How to deal with neighbors that encroach on your property


You've finally bought a little patch of Mother Earth that you can call your own. Then you discover your neighbor is encroaching. Perhaps his fence is two feet over the property line, or the dying limb of his sugar maple is overhanging your garage, or his barking dog is keeping you up all night. How can you deal with such encroachments?

First, let's clarify a couple of terms. An easement is a right of access that has been agreed-upon by the property owner, in writing, or mandated by a government decision. Perhaps the first owner of your house granted your neighbor access to a dock on your property in perpetuity, or the city has retained an easement to access power lines that run across the back border of your property. If the easement is recorded, you don't have much recourse.

An encroachment is tresspass without permission, and you can do something about it. If your neighbor has taken a few feet of your land when building his fence, you can take steps to take back your land. A caveat, however; make sure you know where your true property boundaries are. For example: the back edge of my property is fenced, and the fence has a four-foot jog where two abutting properties meet. When I moved in, my neighbor told me that one of those landowners had moved his fence to take four feet of my land before I moved in, and I intended to require him to move it back. To my chagrin, when the property was surveyed, I found that the previous owner of my house had, in fact, taken four feet of my neighbor's property.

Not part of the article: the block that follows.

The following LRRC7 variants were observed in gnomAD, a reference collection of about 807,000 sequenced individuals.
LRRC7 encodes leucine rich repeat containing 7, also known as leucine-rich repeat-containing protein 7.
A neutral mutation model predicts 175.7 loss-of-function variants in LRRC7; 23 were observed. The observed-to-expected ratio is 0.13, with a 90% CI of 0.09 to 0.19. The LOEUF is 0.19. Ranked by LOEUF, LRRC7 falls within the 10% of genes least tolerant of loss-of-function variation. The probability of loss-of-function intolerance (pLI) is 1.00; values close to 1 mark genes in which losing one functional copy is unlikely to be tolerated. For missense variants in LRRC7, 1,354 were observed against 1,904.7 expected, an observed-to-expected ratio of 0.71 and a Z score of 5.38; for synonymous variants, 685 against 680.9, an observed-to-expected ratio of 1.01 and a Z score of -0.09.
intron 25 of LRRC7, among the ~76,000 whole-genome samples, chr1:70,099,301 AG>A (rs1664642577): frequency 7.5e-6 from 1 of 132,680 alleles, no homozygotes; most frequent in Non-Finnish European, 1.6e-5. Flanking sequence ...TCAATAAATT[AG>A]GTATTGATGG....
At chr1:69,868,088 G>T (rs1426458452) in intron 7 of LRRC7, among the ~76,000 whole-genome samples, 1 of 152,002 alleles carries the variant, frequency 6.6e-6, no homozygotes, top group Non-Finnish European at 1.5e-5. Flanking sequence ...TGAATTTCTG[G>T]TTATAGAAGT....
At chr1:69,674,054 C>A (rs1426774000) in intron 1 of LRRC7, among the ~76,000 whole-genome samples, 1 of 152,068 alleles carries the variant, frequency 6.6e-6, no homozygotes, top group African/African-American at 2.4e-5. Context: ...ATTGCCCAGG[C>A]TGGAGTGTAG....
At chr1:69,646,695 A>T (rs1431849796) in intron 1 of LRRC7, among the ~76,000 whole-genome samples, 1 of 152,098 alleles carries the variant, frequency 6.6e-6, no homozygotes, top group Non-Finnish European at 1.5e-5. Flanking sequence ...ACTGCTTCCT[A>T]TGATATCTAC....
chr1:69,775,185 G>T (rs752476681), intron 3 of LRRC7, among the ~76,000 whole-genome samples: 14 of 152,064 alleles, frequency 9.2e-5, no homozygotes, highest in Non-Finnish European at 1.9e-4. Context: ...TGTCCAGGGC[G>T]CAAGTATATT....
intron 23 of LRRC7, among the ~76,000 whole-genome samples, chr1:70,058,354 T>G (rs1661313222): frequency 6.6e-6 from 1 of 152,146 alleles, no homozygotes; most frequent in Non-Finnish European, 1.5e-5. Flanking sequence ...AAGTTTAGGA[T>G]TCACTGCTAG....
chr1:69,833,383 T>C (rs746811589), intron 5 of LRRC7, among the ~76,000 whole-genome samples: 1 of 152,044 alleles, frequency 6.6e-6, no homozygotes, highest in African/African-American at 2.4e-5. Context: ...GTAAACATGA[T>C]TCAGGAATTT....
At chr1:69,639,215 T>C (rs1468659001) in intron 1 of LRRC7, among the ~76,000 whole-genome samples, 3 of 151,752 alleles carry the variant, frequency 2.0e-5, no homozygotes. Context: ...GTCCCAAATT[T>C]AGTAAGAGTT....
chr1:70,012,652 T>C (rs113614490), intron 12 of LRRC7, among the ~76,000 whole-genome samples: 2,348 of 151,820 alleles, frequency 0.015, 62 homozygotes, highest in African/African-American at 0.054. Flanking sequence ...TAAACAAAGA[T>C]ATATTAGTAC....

If you are confident about the borders of your property, you could approach your neighbor and politely request that he honor these lines. Property owners often become unreasonably confident that the customary boundaries reflect their title, though, so sharing the survey information could help greatly in this discussion. Also, modern surveying techniques are much more accurate than older methods, so in comparing property titles there may be some overlap. These inaccuracies are usually settled by dividing the land in question.